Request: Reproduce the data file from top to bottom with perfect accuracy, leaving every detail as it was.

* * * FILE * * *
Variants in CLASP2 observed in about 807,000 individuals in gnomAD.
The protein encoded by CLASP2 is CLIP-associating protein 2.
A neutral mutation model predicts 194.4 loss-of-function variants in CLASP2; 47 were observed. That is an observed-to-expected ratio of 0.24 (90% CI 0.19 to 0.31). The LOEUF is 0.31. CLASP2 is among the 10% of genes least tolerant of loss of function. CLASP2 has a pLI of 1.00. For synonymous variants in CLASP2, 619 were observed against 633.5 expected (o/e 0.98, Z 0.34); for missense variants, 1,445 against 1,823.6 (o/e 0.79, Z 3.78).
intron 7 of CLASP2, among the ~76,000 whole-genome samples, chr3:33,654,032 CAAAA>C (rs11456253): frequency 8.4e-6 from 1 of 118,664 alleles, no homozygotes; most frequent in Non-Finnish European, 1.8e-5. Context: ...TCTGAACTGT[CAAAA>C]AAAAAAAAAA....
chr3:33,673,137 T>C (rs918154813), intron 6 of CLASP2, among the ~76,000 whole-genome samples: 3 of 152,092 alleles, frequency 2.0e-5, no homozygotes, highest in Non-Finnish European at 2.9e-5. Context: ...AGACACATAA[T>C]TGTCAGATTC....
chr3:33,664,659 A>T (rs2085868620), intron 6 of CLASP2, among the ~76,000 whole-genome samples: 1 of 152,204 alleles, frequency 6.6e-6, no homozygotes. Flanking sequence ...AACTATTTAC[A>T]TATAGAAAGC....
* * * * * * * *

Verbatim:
Variants in CLASP2 observed in about 807,000 individuals in gnomAD.
The protein encoded by CLASP2 is CLIP-associating protein 2.
A neutral mutation model predicts 194.4 loss-of-function variants in CLASP2; 47 were observed. That is an observed-to-expected ratio of 0.24 (90% CI 0.19 to 0.31). The LOEUF is 0.31. CLASP2 is among the 10% of genes least tolerant of loss of function. CLASP2 has a pLI of 1.00. For synonymous variants in CLASP2, 619 were observed against 633.5 expected (o/e 0.98, Z 0.34); for missense variants, 1,445 against 1,823.6 (o/e 0.79, Z 3.78).
intron 7 of CLASP2, among the ~76,000 whole-genome samples, chr3:33,654,032 CAAAA>C (rs11456253): frequency 8.4e-6 from 1 of 118,664 alleles, no homozygotes; most frequent in Non-Finnish European, 1.8e-5. Context: ...TCTGAACTGT[CAAAA>C]AAAAAAAAAA....
chr3:33,673,137 T>C (rs918154813), intron 6 of CLASP2, among the ~76,000 whole-genome samples: 3 of 152,092 alleles, frequency 2.0e-5, no homozygotes, highest in Non-Finnish European at 2.9e-5. Context: ...AGACACATAA[T>C]TGTCAGATTC....
chr3:33,664,659 A>T (rs2085868620), intron 6 of CLASP2, among the ~76,000 whole-genome samples: 1 of 152,204 alleles, frequency 6.6e-6, no homozygotes. Flanking sequence ...AACTATTTAC[A>T]TATAGAAAGC....